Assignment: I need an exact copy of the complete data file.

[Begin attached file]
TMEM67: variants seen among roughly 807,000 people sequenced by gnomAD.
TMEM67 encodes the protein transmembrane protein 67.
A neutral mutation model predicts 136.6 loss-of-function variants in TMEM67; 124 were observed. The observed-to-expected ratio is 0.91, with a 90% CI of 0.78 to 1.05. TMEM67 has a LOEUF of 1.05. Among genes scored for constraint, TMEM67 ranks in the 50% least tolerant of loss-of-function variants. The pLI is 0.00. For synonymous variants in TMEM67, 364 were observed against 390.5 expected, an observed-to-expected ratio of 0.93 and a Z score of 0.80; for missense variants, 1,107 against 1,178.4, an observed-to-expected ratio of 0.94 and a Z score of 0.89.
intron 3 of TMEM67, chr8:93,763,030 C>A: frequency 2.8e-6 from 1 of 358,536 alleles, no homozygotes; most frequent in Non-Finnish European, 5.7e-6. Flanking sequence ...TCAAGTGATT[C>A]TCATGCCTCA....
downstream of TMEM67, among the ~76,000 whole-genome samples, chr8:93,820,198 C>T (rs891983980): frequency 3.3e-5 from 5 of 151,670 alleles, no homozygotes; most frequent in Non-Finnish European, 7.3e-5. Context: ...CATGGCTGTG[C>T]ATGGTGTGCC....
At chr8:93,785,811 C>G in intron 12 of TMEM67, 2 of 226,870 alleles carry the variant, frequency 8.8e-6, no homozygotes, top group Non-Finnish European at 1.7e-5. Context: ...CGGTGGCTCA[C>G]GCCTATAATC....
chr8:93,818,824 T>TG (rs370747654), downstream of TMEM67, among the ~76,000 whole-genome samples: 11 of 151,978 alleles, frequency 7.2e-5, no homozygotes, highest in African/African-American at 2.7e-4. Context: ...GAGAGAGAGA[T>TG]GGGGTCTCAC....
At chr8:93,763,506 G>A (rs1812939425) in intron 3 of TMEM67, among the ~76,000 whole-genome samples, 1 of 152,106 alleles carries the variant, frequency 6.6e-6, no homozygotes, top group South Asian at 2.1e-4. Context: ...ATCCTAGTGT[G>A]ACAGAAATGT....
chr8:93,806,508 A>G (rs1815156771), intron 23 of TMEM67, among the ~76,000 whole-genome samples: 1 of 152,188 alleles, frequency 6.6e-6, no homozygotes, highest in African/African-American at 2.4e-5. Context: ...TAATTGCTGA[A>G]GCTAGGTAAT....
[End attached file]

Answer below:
TMEM67: variants seen among roughly 807,000 people sequenced by gnomAD.
TMEM67 encodes the protein transmembrane protein 67.
A neutral mutation model predicts 136.6 loss-of-function variants in TMEM67; 124 were observed. The observed-to-expected ratio is 0.91, with a 90% CI of 0.78 to 1.05. TMEM67 has a LOEUF of 1.05. Among genes scored for constraint, TMEM67 ranks in the 50% least tolerant of loss-of-function variants. The pLI is 0.00. For synonymous variants in TMEM67, 364 were observed against 390.5 expected, an observed-to-expected ratio of 0.93 and a Z score of 0.80; for missense variants, 1,107 against 1,178.4, an observed-to-expected ratio of 0.94 and a Z score of 0.89.
intron 3 of TMEM67, chr8:93,763,030 C>A: frequency 2.8e-6 from 1 of 358,536 alleles, no homozygotes; most frequent in Non-Finnish European, 5.7e-6. Flanking sequence ...TCAAGTGATT[C>A]TCATGCCTCA....
downstream of TMEM67, among the ~76,000 whole-genome samples, chr8:93,820,198 C>T (rs891983980): frequency 3.3e-5 from 5 of 151,670 alleles, no homozygotes; most frequent in Non-Finnish European, 7.3e-5. Context: ...CATGGCTGTG[C>T]ATGGTGTGCC....
At chr8:93,785,811 C>G in intron 12 of TMEM67, 2 of 226,870 alleles carry the variant, frequency 8.8e-6, no homozygotes, top group Non-Finnish European at 1.7e-5. Context: ...CGGTGGCTCA[C>G]GCCTATAATC....
chr8:93,818,824 T>TG (rs370747654), downstream of TMEM67, among the ~76,000 whole-genome samples: 11 of 151,978 alleles, frequency 7.2e-5, no homozygotes, highest in African/African-American at 2.7e-4. Context: ...GAGAGAGAGA[T>TG]GGGGTCTCAC....
At chr8:93,763,506 G>A (rs1812939425) in intron 3 of TMEM67, among the ~76,000 whole-genome samples, 1 of 152,106 alleles carries the variant, frequency 6.6e-6, no homozygotes, top group South Asian at 2.1e-4. Context: ...ATCCTAGTGT[G>A]ACAGAAATGT....
chr8:93,806,508 A>G (rs1815156771), intron 23 of TMEM67, among the ~76,000 whole-genome samples: 1 of 152,188 alleles, frequency 6.6e-6, no homozygotes, highest in African/African-American at 2.4e-5. Context: ...TAATTGCTGA[A>G]GCTAGGTAAT....